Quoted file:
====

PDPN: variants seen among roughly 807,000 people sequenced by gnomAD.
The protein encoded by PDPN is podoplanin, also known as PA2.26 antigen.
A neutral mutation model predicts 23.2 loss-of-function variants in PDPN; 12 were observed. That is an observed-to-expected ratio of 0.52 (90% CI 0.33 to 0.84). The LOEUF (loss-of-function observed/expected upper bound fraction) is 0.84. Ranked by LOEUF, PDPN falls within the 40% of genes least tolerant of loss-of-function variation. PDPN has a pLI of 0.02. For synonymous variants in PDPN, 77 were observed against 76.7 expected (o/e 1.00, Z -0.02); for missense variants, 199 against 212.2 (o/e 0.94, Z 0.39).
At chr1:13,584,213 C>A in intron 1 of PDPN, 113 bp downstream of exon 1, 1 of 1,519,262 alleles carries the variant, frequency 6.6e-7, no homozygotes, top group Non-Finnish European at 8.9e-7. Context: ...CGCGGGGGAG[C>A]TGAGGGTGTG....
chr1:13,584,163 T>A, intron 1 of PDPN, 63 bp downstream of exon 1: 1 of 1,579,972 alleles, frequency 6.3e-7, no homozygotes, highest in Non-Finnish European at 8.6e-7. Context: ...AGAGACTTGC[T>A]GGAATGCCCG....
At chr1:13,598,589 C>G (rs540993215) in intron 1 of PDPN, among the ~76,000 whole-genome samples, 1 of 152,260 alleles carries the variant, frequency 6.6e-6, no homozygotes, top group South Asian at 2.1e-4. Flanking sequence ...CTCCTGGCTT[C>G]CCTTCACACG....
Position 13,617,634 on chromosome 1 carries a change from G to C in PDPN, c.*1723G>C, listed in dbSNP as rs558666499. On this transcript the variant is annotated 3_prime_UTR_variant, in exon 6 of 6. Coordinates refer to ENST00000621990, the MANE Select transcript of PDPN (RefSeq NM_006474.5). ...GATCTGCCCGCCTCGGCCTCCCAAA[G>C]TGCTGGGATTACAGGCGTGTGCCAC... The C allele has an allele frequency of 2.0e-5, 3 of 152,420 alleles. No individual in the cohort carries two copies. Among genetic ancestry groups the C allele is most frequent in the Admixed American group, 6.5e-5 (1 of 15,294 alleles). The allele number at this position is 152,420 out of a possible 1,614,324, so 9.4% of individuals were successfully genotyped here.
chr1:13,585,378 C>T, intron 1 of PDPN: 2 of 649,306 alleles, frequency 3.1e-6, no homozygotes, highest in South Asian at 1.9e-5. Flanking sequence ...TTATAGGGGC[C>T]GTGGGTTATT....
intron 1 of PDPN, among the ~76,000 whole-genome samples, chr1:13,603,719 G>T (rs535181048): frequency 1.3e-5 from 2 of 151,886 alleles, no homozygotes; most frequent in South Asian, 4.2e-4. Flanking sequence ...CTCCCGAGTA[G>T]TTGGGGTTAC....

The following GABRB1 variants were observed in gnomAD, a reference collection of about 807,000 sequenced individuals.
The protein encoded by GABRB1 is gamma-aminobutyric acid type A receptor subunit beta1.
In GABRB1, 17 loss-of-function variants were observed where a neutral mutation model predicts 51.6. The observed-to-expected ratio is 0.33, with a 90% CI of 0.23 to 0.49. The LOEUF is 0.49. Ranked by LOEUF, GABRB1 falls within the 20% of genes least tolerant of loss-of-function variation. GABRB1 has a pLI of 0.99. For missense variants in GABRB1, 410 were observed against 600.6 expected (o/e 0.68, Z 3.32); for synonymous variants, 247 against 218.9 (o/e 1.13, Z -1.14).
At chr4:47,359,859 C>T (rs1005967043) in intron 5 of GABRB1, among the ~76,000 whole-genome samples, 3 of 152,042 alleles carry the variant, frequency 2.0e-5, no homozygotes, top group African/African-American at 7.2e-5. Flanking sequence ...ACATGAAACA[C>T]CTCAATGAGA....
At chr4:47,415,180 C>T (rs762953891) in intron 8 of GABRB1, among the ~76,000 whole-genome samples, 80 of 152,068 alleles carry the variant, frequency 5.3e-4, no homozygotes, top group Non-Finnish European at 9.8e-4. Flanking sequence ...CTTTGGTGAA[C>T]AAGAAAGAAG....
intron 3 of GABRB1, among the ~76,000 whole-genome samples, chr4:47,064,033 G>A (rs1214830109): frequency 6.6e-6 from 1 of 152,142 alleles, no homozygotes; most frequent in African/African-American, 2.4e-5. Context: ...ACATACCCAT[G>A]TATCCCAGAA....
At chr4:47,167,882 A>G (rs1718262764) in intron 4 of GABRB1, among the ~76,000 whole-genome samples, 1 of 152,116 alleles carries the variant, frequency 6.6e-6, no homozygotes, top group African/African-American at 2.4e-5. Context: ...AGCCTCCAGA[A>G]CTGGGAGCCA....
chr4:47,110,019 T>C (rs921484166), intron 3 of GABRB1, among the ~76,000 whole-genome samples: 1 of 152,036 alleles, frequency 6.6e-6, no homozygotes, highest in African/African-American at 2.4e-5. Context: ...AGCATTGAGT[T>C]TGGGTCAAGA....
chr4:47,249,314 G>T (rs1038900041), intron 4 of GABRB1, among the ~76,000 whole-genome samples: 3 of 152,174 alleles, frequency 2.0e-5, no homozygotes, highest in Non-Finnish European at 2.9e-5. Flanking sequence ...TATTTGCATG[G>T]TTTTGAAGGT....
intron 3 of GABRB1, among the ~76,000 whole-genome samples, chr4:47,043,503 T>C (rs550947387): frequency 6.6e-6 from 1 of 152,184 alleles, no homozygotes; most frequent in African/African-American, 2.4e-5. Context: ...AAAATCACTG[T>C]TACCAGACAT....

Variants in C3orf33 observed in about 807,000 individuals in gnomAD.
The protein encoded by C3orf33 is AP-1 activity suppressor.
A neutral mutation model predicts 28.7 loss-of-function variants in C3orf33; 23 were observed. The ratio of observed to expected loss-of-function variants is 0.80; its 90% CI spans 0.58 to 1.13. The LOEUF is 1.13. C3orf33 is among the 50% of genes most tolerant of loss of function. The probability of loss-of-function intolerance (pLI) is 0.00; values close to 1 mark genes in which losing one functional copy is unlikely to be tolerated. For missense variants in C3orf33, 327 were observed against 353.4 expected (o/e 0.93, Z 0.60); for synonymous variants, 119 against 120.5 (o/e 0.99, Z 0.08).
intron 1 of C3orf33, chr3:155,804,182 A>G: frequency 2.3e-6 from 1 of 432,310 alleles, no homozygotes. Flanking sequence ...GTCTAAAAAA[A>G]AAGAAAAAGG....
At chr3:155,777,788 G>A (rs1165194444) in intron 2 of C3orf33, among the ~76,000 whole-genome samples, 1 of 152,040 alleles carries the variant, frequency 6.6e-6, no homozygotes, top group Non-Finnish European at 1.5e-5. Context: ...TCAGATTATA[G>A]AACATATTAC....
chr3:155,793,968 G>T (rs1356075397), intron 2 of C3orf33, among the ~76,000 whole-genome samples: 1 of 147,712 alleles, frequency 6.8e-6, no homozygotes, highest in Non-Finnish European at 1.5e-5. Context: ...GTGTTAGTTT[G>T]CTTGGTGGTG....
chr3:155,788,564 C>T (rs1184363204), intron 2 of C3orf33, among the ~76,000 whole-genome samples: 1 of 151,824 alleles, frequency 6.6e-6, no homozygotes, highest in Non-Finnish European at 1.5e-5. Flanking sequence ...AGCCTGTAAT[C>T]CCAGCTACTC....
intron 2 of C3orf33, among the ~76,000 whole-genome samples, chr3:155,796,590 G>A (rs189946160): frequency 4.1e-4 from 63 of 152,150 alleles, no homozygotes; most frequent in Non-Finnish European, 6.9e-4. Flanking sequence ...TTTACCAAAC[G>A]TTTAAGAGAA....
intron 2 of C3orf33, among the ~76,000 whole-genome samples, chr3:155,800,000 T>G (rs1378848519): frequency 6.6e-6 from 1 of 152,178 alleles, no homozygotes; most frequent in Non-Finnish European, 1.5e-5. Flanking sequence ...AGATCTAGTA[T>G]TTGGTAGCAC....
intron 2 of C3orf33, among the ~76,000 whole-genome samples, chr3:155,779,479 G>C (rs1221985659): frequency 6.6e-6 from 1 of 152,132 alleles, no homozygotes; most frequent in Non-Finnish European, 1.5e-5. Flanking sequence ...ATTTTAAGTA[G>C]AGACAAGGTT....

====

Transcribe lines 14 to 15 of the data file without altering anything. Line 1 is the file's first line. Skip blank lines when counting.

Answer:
At chr4:47,415,180 C>T (rs762953891) in intron 8 of GABRB1, among the ~76,000 whole-genome samples, 80 of 152,068 alleles carry the variant, frequency 5.3e-4, no homozygotes, top group Non-Finnish European at 9.8e-4. Flanking sequence ...CTTTGGTGAA[C>T]AAGAAAGAAG....
intron 3 of GABRB1, among the ~76,000 whole-genome samples, chr4:47,064,033 G>A (rs1214830109): frequency 6.6e-6 from 1 of 152,142 alleles, no homozygotes; most frequent in African/African-American, 2.4e-5. Context: ...ACATACCCAT[G>A]TATCCCAGAA....